Jacking Up the Price of Residential Parking Permit

Monday, May 23, 2011  |  Updated 2:38 PM EDT
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Jacking Up Parking Permit Prices

DDOT

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There is a pretty good chance that D.C. residents will be paying more for their parking permits next year.  While a price hike was already on the table in Mayor Vincent Gray's proposed budget, Council Member Tommy Wells has proposed to go even higher - with a fee schedule that could have some households paying as much as $100 per car for a parking permit.

Wells, who heads the Council's Public Works and Transportation committee, wants to raise the cost of a residential parking permit, now $15 annually for an unlimited number of cars, up to $35.  After that, a permit for the second car in the household would cost $50, and then additional vehicles would be $100.

"We have a challenge to fully fund Metro without raising fares," Wells said in a statement.  This year, public transporation is facing a multi-million dollar shortfall.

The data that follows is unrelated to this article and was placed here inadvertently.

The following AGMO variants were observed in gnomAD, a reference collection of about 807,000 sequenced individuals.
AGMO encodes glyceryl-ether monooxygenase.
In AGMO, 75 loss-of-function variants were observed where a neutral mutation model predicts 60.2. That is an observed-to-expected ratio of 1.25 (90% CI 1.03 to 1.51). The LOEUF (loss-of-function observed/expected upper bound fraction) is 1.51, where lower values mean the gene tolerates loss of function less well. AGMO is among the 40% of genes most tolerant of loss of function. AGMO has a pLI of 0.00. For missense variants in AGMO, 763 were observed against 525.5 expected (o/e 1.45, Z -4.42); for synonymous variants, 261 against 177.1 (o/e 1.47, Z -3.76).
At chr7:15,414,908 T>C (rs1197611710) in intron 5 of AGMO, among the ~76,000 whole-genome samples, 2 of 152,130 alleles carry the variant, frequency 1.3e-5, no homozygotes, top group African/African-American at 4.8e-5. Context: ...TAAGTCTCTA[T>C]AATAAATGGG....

He said his permit price increase a "win-win" in a recent Washington Post op-ed.

"Increasing parking permit fees would benefit all D.C. residents. My proposal would contribute an estimated $1.1 million to public transportation operations — about $670,000 to WMATA and $435,000 to the D.C. Circulator — enhancing transit options while reducing pollution and traffic congestion."

Wells argues that by raising the rate of a permit for additional vehicles, drivers who do not really need a car will be discouraged from parking, which in turn would free up more space in neighborhoods.  He said that this leads to cleaner air, because residents won't be taking extra laps around the block in search of a spot.

In his proposed budget, Mayor Vincent Gray would like to push the permit price up to $25, and he also wants to double the price of Circulator bus rides from $1 to $2.

Wells thinks that after last year's Metro fare increases, its not fair to place more burden on riders again.  He argued in the Post:

"Transit riders are doing their part. Last year’s WMATA fare increase cost the typical bus rider an extra $115 a year and the typical rail rider $190 a year — far more than the average proposed residential parking fee increase."

On Tuesday, the Council will take these choices up, in the first of two votes on the 2012 city budget.  The second vote, which will finalize the spending plan, will take place in two weeks.

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